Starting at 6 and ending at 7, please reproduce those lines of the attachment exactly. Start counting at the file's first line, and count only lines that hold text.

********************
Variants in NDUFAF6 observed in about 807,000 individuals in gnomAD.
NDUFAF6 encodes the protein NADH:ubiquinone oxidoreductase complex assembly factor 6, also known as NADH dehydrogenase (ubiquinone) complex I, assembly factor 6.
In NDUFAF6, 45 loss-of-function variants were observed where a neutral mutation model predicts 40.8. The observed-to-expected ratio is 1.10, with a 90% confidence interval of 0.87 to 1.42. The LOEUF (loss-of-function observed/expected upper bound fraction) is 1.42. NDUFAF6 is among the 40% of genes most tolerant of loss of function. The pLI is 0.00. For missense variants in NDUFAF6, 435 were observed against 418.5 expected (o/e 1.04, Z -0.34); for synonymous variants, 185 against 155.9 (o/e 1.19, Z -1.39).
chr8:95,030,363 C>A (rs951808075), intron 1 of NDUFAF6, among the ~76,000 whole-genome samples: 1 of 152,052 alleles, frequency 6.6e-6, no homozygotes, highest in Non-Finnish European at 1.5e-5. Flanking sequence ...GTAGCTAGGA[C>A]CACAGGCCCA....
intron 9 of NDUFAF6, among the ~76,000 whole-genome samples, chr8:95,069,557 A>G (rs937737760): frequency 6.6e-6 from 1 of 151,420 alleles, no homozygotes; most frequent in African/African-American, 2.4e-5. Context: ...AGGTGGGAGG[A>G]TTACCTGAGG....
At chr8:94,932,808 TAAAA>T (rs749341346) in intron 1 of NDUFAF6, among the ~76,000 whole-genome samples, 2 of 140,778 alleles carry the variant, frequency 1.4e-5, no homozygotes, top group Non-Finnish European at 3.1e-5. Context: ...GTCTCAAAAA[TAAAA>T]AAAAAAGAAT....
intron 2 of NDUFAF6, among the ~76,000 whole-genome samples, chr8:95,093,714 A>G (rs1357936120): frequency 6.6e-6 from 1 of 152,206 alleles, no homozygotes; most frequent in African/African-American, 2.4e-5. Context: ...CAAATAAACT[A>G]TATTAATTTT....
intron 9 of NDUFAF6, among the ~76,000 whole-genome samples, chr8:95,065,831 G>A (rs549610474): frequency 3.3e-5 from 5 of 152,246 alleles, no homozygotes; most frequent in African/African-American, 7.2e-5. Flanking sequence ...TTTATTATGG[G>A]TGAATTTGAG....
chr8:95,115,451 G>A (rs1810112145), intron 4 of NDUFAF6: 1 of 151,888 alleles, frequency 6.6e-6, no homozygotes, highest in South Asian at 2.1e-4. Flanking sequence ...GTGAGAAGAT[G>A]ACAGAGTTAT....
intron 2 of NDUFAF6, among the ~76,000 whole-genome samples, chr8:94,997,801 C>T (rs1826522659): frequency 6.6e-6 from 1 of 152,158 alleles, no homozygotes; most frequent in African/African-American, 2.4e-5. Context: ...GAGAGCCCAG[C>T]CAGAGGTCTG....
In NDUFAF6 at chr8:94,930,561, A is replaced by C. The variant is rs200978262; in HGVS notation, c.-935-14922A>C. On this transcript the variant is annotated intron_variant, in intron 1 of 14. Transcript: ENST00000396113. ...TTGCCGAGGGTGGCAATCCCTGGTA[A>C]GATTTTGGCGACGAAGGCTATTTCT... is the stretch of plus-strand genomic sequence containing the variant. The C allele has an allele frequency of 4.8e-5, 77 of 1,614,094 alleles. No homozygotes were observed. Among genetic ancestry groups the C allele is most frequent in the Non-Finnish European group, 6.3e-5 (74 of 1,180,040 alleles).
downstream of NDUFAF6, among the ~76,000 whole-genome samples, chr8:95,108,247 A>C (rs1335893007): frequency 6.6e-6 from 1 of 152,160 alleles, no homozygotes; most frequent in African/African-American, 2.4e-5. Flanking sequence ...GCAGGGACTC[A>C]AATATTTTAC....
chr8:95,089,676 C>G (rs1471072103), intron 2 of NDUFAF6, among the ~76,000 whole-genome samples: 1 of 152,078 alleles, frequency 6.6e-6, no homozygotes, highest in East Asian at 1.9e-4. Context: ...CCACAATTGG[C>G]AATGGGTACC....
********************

At chr8:94,932,808 TAAAA>T (rs749341346) in intron 1 of NDUFAF6, among the ~76,000 whole-genome samples, 2 of 140,778 alleles carry the variant, frequency 1.4e-5, no homozygotes, top group Non-Finnish European at 3.1e-5. Context: ...GTCTCAAAAA[TAAAA>T]AAAAAAGAAT....
intron 2 of NDUFAF6, among the ~76,000 whole-genome samples, chr8:95,093,714 A>G (rs1357936120): frequency 6.6e-6 from 1 of 152,206 alleles, no homozygotes; most frequent in African/African-American, 2.4e-5. Context: ...CAAATAAACT[A>G]TATTAATTTT....